SoftBank Is Targeting Over $10 Billion in Public Investing
(Bloomberg) -- SoftBank Group Corp. is targeting investments of more than $10 billion in public stocks as part of a new asset management arm, far exceeding the initial holdings that founder Masayoshi Son outlined to shareholders on Tuesday, people familiar with the initiative said.
The tally could reach into the tens of billions, said one of the people, all of whom asked not to be identified because the plans are private.
Son, the chief executive officer, unveiled the investment arm in a conference call to discuss earnings on Tuesday. He said the unit has about $555 million in capital. However, the amount is seen as a placeholder, people familiar with the project said; 555 is slang in Japanese gaming culture meaning “go, go, go.”
The asset management team is led by Akshay Naheta, a senior vice president in Abu Dhabi, the people said. The group has been quietly amassing multibillion-dollar stakes in American Big Tech companies over the past few months, the people said.
On Tuesday, Son said SoftBank had acquired holdings in some of the so-called FAANG stocks. FAANG refers to a group of five large tech companies: Facebook Inc., Amazon Inc., Apple Inc., Netflix Inc. and Google, whose parent company is Alphabet Inc.
The Japanese company didn’t disclose the size of these positions. The investments were made using financing structures that can prevent SoftBank from showing up in public records as a direct shareholder, said the people familiar with the initiative.
A representative for SoftBank declined to comment. “As an investment company, we need to explore various angles and scope. But our focus is still on companies driving the information revolution,” Son said during the earnings presentation. “This is the purpose of our company.”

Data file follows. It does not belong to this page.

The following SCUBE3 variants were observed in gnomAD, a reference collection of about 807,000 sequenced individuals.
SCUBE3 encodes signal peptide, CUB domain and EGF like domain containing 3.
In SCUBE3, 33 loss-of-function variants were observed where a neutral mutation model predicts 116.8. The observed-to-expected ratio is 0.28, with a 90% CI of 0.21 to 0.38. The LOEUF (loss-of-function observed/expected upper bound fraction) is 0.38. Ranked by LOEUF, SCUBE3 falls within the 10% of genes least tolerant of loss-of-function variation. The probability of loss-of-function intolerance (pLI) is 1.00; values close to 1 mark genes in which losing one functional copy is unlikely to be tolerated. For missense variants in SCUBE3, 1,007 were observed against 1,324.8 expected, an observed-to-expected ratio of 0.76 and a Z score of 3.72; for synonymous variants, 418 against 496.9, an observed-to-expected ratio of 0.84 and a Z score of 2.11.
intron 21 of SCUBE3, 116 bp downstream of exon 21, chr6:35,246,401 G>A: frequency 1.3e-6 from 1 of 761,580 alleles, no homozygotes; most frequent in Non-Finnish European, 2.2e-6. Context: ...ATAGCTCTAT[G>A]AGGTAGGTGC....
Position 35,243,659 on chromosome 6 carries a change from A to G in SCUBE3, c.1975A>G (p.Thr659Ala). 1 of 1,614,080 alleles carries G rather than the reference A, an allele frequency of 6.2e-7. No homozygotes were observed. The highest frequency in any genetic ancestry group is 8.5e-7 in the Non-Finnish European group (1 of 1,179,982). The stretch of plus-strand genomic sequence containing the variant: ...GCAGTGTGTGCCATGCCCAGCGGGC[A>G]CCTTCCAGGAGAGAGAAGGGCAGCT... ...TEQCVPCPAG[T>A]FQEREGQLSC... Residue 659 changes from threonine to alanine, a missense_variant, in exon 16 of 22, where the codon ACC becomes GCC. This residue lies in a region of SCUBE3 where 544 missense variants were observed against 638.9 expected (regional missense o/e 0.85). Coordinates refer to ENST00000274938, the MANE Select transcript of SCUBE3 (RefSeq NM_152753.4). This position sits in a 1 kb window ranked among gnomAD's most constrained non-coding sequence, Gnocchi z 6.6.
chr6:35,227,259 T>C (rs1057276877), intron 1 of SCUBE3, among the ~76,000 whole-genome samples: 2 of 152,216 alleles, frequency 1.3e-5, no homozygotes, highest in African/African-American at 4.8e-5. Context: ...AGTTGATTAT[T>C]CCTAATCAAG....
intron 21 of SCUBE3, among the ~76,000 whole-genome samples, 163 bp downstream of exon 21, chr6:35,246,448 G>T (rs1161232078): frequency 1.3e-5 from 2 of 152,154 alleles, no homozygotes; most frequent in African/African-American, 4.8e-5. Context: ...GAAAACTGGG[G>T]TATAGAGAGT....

In recent years, SoftBank has painted itself as a champion of innovative startups, led by its $100 billion Vision Fund. That strategy faltered after WeWork and several other high-profile flameouts. But SoftBank’s dealings with public stocks have notched some wins over the past three years. It profited from investments Charter Communications Inc. in early 2018 and in U.S. chip designer Nvidia Corp., which was worth 398 billion yen when it was sold last year.
Less successful was a complicated investment in the now-infamous German payments company Wirecard. The bet profited select SoftBank employees and sovereign wealth fund Mubadala, an investor in the Vision Fund, but the collapse of Wirecard in recent months caused analysts to question the nature of the investment.
The development of a public-equities vehicle was driven partly by a long-held desire by various executives at SoftBank to pursue asset management. Following its $3.3 billion takeover of alternative-asset manager Fortress Investment Group LLC, SoftBank also considered buying a stake in Swiss Re, the world’s second-biggest reinsurer.
SoftBank is in the process of offloading 4.5 trillion yen in legacy assets, including stock in Alibaba Group Holding Ltd., T-Mobile US Inc. and its domestic telecom unit. Some of the capital raised will fund the asset management arm, the people said. SoftBank said it will own 67% of the asset management group, and Son will personally own the rest.
The new unit reflects the revived ambitions of Son. The founder had said in May that SoftBank was unlikely to secure outside investors for a second Vision Fund after problems with the first. But in the upbeat financial results Tuesday, Son expressed readiness to accelerate a companywide shift from telecom to investing. “Our strategy hasn’t changed,” Son said. “We still plan on unicorn hunting with Vision Fund two, three and so on.”
SoftBank’s investments in FAANG stocks are buoyed by a tech rally in the market. Uber Technologies Inc. rebounded 11% last quarter after tumbling in the first and is now trading at close to the $33 price SoftBank paid in early 2018. The performance gives a strong boost to the Vision Fund portfolio, which is heavily weighted toward ride-hailing companies, also including Didi Chuxing in China, Grab in Southeast Asia and Ola in India.
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